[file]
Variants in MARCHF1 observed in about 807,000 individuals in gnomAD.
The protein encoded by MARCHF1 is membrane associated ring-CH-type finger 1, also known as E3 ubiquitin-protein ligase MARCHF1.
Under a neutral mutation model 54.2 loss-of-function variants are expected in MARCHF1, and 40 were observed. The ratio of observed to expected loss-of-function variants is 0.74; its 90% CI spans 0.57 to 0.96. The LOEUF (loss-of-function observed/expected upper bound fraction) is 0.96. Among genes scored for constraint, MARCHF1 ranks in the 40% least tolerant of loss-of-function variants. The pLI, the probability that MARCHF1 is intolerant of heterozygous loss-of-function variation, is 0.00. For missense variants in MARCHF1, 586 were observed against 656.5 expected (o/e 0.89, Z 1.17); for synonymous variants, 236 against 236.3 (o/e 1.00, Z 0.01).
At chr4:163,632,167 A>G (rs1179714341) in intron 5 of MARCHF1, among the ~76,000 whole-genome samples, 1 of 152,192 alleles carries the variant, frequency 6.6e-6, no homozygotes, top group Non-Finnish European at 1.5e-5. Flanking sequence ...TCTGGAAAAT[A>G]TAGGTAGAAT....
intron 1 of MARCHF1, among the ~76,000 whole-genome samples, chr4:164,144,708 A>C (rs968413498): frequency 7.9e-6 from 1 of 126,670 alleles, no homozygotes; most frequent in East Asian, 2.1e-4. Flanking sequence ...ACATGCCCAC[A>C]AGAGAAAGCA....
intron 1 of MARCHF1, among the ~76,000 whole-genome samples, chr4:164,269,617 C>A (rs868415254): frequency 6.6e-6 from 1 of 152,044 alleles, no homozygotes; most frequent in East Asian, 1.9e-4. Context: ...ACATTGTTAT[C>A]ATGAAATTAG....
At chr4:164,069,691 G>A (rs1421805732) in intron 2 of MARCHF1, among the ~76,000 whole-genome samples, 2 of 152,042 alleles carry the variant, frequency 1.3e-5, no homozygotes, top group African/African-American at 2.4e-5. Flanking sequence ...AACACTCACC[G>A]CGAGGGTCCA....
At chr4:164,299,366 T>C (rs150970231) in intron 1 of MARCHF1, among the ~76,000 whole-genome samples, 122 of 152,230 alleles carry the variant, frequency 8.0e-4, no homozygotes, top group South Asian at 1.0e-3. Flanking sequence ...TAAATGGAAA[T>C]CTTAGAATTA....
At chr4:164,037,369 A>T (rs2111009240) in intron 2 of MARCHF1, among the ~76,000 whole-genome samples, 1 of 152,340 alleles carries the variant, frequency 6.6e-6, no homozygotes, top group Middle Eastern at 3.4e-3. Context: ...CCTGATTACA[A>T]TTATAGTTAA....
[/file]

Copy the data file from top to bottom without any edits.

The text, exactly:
Variants in MARCHF1 observed in about 807,000 individuals in gnomAD.
The protein encoded by MARCHF1 is membrane associated ring-CH-type finger 1, also known as E3 ubiquitin-protein ligase MARCHF1.
Under a neutral mutation model 54.2 loss-of-function variants are expected in MARCHF1, and 40 were observed. The ratio of observed to expected loss-of-function variants is 0.74; its 90% CI spans 0.57 to 0.96. The LOEUF (loss-of-function observed/expected upper bound fraction) is 0.96. Among genes scored for constraint, MARCHF1 ranks in the 40% least tolerant of loss-of-function variants. The pLI, the probability that MARCHF1 is intolerant of heterozygous loss-of-function variation, is 0.00. For missense variants in MARCHF1, 586 were observed against 656.5 expected (o/e 0.89, Z 1.17); for synonymous variants, 236 against 236.3 (o/e 1.00, Z 0.01).
At chr4:163,632,167 A>G (rs1179714341) in intron 5 of MARCHF1, among the ~76,000 whole-genome samples, 1 of 152,192 alleles carries the variant, frequency 6.6e-6, no homozygotes, top group Non-Finnish European at 1.5e-5. Flanking sequence ...TCTGGAAAAT[A>G]TAGGTAGAAT....
intron 1 of MARCHF1, among the ~76,000 whole-genome samples, chr4:164,144,708 A>C (rs968413498): frequency 7.9e-6 from 1 of 126,670 alleles, no homozygotes; most frequent in East Asian, 2.1e-4. Flanking sequence ...ACATGCCCAC[A>C]AGAGAAAGCA....
intron 1 of MARCHF1, among the ~76,000 whole-genome samples, chr4:164,269,617 C>A (rs868415254): frequency 6.6e-6 from 1 of 152,044 alleles, no homozygotes; most frequent in East Asian, 1.9e-4. Context: ...ACATTGTTAT[C>A]ATGAAATTAG....
At chr4:164,069,691 G>A (rs1421805732) in intron 2 of MARCHF1, among the ~76,000 whole-genome samples, 2 of 152,042 alleles carry the variant, frequency 1.3e-5, no homozygotes, top group African/African-American at 2.4e-5. Flanking sequence ...AACACTCACC[G>A]CGAGGGTCCA....
At chr4:164,299,366 T>C (rs150970231) in intron 1 of MARCHF1, among the ~76,000 whole-genome samples, 122 of 152,230 alleles carry the variant, frequency 8.0e-4, no homozygotes, top group South Asian at 1.0e-3. Flanking sequence ...TAAATGGAAA[T>C]CTTAGAATTA....
At chr4:164,037,369 A>T (rs2111009240) in intron 2 of MARCHF1, among the ~76,000 whole-genome samples, 1 of 152,340 alleles carries the variant, frequency 6.6e-6, no homozygotes, top group Middle Eastern at 3.4e-3. Context: ...CCTGATTACA[A>T]TTATAGTTAA....